In the 1990s, refugee resettlement groups deemed Clarkston to be an ideal area because it was near Atlanta, at the end of the transit line, and had lots of rental units available. Hundreds of refugees from Somalia, Bosnia, Ethiopia, Sudan, Vietnam, Bhutan, Sierra Leone, Liberia, Russia, Afghanistan and Iraq flooded in. By 2000, almost half the population of the town was from outside the U.S. and Clarkston had become the most diverse square mile in the U.S.
In response, the Small Town with a Big Heart built a $2.4 million, 10,000-square foot Community Center with room enough for everyone: Contra dancers, senior refugees, Girl Scouts, the Burundi drum team, table tennis players, break dancers, literacy students, country music pickers, 40 community gardeners, 100 summer campers, and or course, the Refugee Women’s Sewing Society.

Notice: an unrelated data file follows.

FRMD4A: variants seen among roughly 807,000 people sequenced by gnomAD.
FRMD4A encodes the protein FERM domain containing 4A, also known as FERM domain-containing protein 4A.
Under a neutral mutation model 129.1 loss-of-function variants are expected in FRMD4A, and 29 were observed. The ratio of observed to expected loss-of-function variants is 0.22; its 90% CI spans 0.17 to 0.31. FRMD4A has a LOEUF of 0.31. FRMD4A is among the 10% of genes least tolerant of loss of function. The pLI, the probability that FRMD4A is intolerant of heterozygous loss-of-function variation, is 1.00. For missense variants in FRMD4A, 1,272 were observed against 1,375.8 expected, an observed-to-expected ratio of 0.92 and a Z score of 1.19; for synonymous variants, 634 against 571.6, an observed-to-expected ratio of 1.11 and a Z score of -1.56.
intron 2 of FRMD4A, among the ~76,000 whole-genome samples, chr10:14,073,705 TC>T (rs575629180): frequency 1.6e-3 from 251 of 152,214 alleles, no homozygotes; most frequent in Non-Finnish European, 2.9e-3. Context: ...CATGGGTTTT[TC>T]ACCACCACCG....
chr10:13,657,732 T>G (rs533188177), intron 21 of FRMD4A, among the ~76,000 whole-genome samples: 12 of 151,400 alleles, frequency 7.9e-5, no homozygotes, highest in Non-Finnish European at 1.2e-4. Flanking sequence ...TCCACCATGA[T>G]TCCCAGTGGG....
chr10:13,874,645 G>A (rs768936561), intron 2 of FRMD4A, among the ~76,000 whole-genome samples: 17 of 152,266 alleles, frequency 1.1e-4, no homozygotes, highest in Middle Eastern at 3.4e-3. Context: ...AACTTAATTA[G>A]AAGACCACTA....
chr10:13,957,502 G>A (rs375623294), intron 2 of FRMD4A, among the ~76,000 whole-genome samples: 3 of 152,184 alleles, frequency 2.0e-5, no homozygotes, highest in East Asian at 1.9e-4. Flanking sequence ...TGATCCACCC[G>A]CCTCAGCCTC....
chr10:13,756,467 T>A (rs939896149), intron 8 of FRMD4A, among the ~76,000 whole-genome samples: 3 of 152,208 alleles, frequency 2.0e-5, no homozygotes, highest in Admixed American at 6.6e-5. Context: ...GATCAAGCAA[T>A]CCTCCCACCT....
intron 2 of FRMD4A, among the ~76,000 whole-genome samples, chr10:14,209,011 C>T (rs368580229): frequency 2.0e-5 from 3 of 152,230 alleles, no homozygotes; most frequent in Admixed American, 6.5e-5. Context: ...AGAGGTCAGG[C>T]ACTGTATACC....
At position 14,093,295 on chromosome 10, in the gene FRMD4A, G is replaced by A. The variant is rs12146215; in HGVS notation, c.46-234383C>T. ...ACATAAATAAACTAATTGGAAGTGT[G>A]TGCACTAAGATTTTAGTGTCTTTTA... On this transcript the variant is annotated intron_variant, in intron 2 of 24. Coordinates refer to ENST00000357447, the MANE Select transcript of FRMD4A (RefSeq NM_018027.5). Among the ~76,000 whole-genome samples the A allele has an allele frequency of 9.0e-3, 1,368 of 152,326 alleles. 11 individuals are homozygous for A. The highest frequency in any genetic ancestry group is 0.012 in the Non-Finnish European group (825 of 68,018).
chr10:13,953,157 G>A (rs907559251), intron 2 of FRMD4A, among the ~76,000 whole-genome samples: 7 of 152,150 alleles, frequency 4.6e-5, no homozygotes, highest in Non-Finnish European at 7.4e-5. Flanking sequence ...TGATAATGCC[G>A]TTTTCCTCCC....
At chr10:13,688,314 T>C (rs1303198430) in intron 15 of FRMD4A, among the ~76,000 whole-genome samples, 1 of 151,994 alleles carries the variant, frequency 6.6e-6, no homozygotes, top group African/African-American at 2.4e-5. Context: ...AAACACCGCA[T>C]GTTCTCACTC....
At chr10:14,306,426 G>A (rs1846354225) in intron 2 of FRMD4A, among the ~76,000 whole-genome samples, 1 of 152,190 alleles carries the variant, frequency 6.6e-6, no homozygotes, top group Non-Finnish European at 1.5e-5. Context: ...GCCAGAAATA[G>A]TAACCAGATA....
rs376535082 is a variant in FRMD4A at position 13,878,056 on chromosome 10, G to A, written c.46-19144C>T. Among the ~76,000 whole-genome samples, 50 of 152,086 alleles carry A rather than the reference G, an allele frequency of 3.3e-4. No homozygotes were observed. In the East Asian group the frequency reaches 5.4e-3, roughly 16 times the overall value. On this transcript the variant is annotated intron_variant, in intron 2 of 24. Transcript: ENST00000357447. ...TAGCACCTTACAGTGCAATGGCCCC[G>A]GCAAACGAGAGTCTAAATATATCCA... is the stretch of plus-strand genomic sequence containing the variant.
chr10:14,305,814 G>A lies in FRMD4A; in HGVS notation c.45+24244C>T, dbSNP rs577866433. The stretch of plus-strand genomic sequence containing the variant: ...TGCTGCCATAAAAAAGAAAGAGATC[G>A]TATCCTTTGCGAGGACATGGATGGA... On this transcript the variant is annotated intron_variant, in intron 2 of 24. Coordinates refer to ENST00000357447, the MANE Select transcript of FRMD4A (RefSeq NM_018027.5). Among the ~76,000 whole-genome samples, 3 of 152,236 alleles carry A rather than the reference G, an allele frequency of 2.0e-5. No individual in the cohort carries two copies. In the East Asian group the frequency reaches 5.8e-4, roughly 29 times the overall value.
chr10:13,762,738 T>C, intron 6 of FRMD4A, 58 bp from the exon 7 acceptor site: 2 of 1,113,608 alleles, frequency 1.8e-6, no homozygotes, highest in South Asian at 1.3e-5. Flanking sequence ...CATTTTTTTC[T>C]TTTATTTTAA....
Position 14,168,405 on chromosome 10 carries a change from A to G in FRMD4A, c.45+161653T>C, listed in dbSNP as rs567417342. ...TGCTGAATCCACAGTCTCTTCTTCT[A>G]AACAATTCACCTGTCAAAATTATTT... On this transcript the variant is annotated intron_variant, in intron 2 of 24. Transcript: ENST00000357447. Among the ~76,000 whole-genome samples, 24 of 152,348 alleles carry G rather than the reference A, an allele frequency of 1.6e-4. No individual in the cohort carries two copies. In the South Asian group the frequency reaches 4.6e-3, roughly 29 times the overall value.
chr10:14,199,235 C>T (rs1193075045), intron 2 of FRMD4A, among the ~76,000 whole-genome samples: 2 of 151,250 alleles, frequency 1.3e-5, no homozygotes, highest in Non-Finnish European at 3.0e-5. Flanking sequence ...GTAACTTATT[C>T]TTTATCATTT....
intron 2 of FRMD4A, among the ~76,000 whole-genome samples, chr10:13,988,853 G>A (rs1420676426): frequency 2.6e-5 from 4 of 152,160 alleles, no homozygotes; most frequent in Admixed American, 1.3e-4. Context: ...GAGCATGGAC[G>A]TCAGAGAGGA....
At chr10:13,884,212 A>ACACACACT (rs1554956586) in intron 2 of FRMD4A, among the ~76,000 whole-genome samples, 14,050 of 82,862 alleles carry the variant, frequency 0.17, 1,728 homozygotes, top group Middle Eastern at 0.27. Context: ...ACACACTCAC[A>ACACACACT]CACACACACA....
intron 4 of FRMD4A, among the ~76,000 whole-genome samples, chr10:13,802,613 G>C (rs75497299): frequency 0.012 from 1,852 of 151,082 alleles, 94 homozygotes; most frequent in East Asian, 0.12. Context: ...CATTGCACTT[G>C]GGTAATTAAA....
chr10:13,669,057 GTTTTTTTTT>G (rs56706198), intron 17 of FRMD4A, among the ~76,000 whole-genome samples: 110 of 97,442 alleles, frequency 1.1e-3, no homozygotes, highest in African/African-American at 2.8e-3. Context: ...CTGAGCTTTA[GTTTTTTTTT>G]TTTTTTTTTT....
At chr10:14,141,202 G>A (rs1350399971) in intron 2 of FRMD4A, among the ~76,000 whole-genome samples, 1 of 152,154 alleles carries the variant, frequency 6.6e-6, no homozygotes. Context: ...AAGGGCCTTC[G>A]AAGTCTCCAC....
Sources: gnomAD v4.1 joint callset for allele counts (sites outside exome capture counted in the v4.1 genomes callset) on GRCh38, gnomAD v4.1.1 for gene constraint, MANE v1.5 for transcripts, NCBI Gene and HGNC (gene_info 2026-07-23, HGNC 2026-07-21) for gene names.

Led by the perennially perky Catherine Palmer, a Southern Baptist missionary, the Sewing Society serves over 40 women of numerous nationalities with 23 sewing machines, 6 classes and enthusiasm galore. The women gather for fellowship, laughter and work – crocheting, beading, hand sewing in a microfinance model that creates products the women can sell.
If there were a rainbow of hope for how diversity can work in a community, it would be arching over the Clarkston Community Center. My $100 today goes to the CCC, and the lovely ladies of the Sewing Society.